Legendary Brahms 2nd Concerto Performance
(5 out of 5 stars)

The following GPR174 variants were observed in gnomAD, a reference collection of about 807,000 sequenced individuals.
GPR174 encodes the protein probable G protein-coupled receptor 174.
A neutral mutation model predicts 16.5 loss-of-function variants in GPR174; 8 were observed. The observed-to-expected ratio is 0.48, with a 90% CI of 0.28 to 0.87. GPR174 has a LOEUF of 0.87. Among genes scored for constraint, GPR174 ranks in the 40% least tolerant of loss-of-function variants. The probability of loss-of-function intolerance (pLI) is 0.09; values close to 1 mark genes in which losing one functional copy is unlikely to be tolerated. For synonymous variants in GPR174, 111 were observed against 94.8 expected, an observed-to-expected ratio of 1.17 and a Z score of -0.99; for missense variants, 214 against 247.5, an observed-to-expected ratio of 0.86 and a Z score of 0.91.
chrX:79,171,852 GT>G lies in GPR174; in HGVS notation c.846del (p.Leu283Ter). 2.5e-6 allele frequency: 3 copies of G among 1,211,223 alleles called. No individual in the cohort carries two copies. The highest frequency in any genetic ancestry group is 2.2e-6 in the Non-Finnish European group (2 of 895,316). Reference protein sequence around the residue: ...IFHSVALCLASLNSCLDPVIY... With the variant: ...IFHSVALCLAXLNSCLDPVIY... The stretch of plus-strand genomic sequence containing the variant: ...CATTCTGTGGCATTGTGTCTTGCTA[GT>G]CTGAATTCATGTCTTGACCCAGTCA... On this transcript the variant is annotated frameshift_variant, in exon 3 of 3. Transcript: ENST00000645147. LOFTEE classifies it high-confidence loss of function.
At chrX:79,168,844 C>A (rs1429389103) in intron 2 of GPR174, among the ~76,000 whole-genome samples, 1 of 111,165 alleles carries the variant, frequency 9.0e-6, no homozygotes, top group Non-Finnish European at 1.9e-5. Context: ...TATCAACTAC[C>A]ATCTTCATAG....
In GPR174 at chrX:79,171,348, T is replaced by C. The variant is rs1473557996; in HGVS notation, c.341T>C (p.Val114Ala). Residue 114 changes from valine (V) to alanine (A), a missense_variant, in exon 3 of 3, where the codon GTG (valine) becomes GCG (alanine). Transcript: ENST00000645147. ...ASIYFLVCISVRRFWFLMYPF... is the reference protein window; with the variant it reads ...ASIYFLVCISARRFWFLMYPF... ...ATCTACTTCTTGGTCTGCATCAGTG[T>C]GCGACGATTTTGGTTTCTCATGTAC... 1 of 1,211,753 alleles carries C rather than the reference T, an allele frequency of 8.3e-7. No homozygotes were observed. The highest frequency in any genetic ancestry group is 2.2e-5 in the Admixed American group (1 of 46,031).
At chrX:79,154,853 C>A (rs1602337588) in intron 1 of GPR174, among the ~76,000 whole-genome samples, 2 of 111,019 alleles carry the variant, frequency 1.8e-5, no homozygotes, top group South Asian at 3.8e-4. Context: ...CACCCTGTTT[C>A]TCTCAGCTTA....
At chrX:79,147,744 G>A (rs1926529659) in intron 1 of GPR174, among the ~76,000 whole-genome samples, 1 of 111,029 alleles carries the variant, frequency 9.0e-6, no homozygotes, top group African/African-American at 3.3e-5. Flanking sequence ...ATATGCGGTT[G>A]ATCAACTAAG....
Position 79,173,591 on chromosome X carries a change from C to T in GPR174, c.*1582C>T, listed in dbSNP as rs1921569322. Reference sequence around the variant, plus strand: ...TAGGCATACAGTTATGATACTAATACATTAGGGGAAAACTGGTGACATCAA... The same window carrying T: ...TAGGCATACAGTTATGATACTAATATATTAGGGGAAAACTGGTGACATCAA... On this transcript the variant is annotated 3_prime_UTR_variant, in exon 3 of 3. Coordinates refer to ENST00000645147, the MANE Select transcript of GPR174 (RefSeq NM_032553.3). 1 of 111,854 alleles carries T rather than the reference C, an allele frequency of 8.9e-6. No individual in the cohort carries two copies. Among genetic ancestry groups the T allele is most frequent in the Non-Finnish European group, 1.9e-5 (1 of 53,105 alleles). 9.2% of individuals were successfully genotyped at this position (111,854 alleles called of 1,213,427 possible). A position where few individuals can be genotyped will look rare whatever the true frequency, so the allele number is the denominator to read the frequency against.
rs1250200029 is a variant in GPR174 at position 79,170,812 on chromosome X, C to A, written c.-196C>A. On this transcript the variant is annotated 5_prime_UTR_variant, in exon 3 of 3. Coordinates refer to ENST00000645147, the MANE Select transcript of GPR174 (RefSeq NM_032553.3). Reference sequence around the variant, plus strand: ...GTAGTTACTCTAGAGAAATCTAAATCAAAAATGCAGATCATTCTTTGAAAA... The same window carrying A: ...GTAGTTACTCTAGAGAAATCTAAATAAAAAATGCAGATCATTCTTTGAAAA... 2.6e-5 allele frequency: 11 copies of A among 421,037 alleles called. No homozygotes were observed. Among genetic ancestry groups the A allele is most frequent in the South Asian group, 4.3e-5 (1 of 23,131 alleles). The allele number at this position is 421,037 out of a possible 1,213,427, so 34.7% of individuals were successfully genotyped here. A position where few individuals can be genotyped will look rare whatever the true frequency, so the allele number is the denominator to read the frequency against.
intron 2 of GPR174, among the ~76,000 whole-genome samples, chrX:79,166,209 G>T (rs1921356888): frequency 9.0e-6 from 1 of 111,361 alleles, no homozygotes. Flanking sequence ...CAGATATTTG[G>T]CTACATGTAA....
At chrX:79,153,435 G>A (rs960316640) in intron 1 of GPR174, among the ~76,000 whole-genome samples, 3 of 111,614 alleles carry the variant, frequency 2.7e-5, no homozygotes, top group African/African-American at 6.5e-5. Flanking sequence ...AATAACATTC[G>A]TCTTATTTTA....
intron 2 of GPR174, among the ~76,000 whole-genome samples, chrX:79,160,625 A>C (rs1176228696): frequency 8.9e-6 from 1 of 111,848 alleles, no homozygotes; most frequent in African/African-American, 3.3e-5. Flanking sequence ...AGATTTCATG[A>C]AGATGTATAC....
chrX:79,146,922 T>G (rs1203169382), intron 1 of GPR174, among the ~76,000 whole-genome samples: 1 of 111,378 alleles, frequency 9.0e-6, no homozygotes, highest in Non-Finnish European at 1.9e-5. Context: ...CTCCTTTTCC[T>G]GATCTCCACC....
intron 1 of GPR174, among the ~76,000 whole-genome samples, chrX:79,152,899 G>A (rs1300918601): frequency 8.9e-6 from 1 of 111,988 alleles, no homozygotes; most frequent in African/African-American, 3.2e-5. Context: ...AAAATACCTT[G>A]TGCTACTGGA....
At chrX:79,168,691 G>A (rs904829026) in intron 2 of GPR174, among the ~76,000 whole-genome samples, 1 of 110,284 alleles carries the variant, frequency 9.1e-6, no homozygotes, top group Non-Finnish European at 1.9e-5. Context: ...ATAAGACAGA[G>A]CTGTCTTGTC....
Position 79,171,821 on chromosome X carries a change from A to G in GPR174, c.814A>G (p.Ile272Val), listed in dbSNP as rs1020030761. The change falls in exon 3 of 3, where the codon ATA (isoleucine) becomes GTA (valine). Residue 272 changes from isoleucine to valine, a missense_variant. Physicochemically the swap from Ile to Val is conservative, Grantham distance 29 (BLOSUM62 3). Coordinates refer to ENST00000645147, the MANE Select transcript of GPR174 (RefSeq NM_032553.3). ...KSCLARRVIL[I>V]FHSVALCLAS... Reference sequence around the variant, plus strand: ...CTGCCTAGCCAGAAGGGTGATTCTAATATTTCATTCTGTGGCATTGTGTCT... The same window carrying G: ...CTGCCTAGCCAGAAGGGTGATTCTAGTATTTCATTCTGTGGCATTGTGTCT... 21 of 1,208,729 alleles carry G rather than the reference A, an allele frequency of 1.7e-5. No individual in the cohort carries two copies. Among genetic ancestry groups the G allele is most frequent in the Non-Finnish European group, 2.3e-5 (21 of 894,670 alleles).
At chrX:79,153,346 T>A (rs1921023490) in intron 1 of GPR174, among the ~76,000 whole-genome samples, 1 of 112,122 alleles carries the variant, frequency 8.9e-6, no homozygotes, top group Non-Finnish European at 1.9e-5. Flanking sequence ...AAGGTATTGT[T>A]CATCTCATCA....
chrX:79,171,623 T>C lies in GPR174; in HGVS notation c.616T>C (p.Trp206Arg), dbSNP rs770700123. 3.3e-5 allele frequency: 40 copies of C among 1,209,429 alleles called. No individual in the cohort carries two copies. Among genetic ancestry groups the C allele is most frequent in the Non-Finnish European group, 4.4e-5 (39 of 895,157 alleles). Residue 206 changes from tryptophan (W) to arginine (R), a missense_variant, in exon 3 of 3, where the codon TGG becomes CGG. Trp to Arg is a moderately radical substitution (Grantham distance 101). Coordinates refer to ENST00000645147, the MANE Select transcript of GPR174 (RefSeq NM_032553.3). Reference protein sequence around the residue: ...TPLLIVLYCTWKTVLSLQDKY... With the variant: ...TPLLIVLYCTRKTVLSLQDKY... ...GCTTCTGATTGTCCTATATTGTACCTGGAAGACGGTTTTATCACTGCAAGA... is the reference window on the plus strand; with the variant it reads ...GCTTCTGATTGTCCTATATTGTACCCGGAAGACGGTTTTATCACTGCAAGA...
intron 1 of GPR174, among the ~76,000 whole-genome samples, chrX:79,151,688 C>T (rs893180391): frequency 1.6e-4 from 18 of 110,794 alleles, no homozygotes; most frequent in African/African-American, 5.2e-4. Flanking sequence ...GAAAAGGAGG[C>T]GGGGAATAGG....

"This is the third format that I have of this performance: tape from 78's that I edited, the French HMV COLH performance and now the Pearl. The Pearl has cleaned up some of the noise and made an all ready outstanding performance better but the sound could still be improved as EMI managed to do with the Beethoven Sonatas. Schnabel had a way of clustering passages and that is apparant through out this work. His performance is well backed by Boult and the LSO with the final moments of the 2nd movement being a prime example. Here Schnabel rushes towards the end of the movement with the orchestra keeping up with him. One has to wonder if this was just the way Schnabel wanted to perform this part of the movement or if time was running out on the 78 RPM master?This was a work that was part of Schnabel's repetoire. He performed it any number of times with this recording giving us an idea of what those live performances must have been like. He sometimes clusters his passages and appears to be rushing but everything is clearly heard. Tempi can also be brisk at times particularly in the 2nd movement. Brahms wants this movement to be "Allegro Appassionato". Schnabel does just that even at the tempo he selects. If you are looking for a Romantic performance this might not be your choice. Schnabel does show some emotion but he never over does it. (For a contrast the Zimerman/Bernstein recording is an example of over indulgence of Romaniticizing). The third movement is well done with a good balance between the cello soloist and pianist. One must also remember that this was - for all practical purposes - a live performance with its good and bad points. The good points include the fact that what you hear is what was played. The bad points are that a dropped note or two by soloists or orchestral players are going to happen but so what! This is music, not a spliced together attempt to re-create what passes as a "picture perfect performance".The Bach is most enjoyable with son, Karl Ulrich. Listen to the third movement and how well father and son worked together. The orchestra is a little heavy on the bass. In comparison with the tape of original 78's I can not recall that they had the same problem. The pity is that we still lack much of Schnabel's repetoire that he never commercially recorded. Moreover dropping the d minor Concerto that Schnabel recorded with the London Philharmonic, George Szell conducting seems to defy logic. Hopefully this recording will again be released so that both of Schnabel's Brahms Concerti recordings will once again be available."